Richmond’s grand Monument Avenue began with the unveiling of the Robert E. Lee Monument on May 29, 1890. The equestrian statue by French sculptor Marius Jean Antonin Mercié was intended to memorialize Lee’s military accomplishments but came also to portend the emergence of the South from the difficulty of Reconstruction. Mercié’s design is of outstanding artistic quality; a masterpiece of French academic sculpture. Its site west of the city was also intended to encourage the growth of a prestigious neighborhood in a previously underdeveloped area. The erection of the statue followed a nearly two decade-long series of campaigns to raise funds and select a design, but its presentation to the public resulted in the largest gathering in Richmond since the inauguration of Jefferson Davis as president of the Confederacy in 1862, with as many as 150,000 participants. The monument provided a physical icon for the cult of the “Lost Cause,” and has come to symbolize the changing image of Lee in the American mind, as well as the development of Monument Avenue as a cultural landscape of national significance. The statue was removed from Monument Avenue in September, 2021.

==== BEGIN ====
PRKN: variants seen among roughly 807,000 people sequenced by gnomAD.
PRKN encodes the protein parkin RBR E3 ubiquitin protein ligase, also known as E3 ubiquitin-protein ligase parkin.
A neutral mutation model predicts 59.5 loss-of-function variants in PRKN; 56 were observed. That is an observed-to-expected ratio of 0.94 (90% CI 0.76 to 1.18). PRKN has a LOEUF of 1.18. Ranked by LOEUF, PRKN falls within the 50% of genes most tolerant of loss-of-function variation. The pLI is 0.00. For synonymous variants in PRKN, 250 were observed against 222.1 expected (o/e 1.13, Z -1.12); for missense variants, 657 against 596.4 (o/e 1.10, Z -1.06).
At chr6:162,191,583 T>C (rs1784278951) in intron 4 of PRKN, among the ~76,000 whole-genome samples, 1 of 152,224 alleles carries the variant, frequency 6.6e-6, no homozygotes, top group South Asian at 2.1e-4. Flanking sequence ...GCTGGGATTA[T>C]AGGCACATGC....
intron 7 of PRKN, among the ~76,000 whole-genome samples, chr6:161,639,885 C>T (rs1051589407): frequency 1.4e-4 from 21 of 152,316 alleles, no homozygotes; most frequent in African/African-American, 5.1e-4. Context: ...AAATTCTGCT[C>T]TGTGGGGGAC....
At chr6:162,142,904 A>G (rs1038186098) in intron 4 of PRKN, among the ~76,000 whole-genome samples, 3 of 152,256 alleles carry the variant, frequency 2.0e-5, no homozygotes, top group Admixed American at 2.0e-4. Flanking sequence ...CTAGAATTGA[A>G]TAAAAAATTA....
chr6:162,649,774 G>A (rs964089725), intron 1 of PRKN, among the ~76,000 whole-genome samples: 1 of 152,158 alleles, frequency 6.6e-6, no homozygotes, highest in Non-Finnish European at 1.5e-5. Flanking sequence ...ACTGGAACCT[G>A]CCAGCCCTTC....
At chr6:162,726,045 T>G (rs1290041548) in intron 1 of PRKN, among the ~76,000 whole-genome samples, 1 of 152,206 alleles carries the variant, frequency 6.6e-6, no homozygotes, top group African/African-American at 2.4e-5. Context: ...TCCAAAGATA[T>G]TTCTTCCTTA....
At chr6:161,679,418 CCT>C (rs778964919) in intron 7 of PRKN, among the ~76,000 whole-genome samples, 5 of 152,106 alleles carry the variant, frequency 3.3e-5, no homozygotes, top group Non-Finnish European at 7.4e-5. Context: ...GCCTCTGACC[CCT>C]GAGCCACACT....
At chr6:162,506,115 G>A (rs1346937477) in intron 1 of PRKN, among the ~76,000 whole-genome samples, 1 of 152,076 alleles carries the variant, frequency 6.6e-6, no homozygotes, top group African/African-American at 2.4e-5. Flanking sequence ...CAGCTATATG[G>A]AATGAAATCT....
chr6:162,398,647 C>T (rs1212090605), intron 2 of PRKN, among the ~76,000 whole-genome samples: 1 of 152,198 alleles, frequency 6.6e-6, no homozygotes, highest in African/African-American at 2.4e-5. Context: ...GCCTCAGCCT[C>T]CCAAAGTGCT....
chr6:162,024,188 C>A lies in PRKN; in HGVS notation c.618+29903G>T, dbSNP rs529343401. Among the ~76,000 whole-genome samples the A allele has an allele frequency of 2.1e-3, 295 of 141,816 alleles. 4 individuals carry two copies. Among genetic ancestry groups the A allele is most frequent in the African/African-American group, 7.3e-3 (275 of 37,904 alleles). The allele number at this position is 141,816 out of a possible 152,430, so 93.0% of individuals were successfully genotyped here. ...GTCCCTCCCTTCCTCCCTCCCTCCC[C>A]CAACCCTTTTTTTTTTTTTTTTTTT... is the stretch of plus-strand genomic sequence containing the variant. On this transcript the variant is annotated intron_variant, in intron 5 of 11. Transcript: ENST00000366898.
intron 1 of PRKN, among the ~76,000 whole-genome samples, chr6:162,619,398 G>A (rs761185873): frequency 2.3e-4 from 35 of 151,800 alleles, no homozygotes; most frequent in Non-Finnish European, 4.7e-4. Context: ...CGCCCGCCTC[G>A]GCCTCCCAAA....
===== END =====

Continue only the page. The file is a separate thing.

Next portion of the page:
Many properties listed in the registers are private dwellings and are not open to the public, however many are visible from the public right-of-way. Please be respectful of owner privacy.
VLR: Virginia Landmarks Register
NPS: National Park Service
NRHP: National Register of Historic Places
NHL: National Historic Landmark
DHR has secured permanent legal protection for over 700 historic places - including 15,000 acres of battlefield lands
DHR has erected 2,532 highway markers in every county and city across Virginia
DHR has engaged over 450 students in 3 highway marker contests
DHR has stimulated more than $4.2 billion dollars in private investments related to historic tax credit incentives, revitalizing communities of all sizes throughout Virginia